When an instruction is fetched in a tile its operations are executed asynchronously, meaning that once all DCLs of an operation are ready it can be executed. The only exception is for branch operations that are always executed as the last operation in the operation bundle. Indeed, the cycle after a branch operation is executed, a new instruction is overwritten in the tile control register and all previous operations must have been executed or at least start their execution. The execution of an instruction may take several cycles depending on data availability, if all data and output DCLs are ready it is executed in one cycle.
 instructions part of an instruction bundle on a tile may be executed asynchronously but may also share the same input and output DCL. Two operations may use a same input DCL and hence a same data. They may also use the same destination DCL for broadcasting their results. To avoid an operation to consume a data that is used by another operation not already executed and for shared destinations, there is a predefined order in operation execution in case of conflicting resource use. Normally this order is coded in the instruction. Nevertheless, in this embodiment, this order is hardcoded in hardware but it can also be configurable by means of a configuration register. The order in this embodiment is first local memory accesses, then moves, then arithmetic and main memory operations and finally branch. In this kind of execution, operations are executed during different cycles and the entire instruction bundle takes several cycles to be completed.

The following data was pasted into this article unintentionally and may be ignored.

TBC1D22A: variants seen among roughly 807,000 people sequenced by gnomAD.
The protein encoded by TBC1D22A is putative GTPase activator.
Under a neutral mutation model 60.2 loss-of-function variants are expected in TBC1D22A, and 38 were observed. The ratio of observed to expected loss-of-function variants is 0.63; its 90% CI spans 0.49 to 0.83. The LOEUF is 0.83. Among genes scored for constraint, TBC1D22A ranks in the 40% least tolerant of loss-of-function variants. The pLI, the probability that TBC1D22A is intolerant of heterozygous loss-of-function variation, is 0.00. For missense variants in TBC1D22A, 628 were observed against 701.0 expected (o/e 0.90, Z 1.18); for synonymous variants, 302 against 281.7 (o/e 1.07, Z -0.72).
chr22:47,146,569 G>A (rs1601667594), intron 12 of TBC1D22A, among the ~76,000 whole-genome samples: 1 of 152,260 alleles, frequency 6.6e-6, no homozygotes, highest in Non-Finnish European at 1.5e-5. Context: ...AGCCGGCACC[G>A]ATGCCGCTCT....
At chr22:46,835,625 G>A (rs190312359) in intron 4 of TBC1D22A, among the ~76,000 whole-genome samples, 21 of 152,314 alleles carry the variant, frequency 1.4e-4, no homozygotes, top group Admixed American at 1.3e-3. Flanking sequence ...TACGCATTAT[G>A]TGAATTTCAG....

Independent tile execution using dataflow-like synchronization is dynamically scheduled following data dependencies and is tolerant to dynamic execution latencies. Code is close to its dataflow graph that has to be placed and routed on tiles instead of being scheduled like in RISC architectures. An advantage of dynamic scheduling is that code does not require to be padded with nops nor to use prologues and epilogues as with software-pipelined loops. This dynamic scheduling is therefore useful for large parallel applications like those distributed on homogeneous multicore platforms.
 Dataflow-like execution can encounter deadlocks. They can be caused by an error in the code or by a very high latency I/O causing both to put a cluster in a long unpredicted waiting state. The error in the code can be mitigated by compiling code from correct sequential definition of the program where all variables are necessary defined and initialized before being used. Nevertheless, if there is still a deadlock error in the code, it is easy to detect that all the tiles in a cluster are waiting with no long latency operations like cache misses. The deadlock can therefore be detected the next cycle after its occurrence and used to issue an interruption. It is worth noting that an error in the code generates most of the time a deadlock. It has the advantage to avoid further machine state corruption like in sequential register machine where processors can run a long time and corrupt the memory content until a segmentation fault interrupt its execution.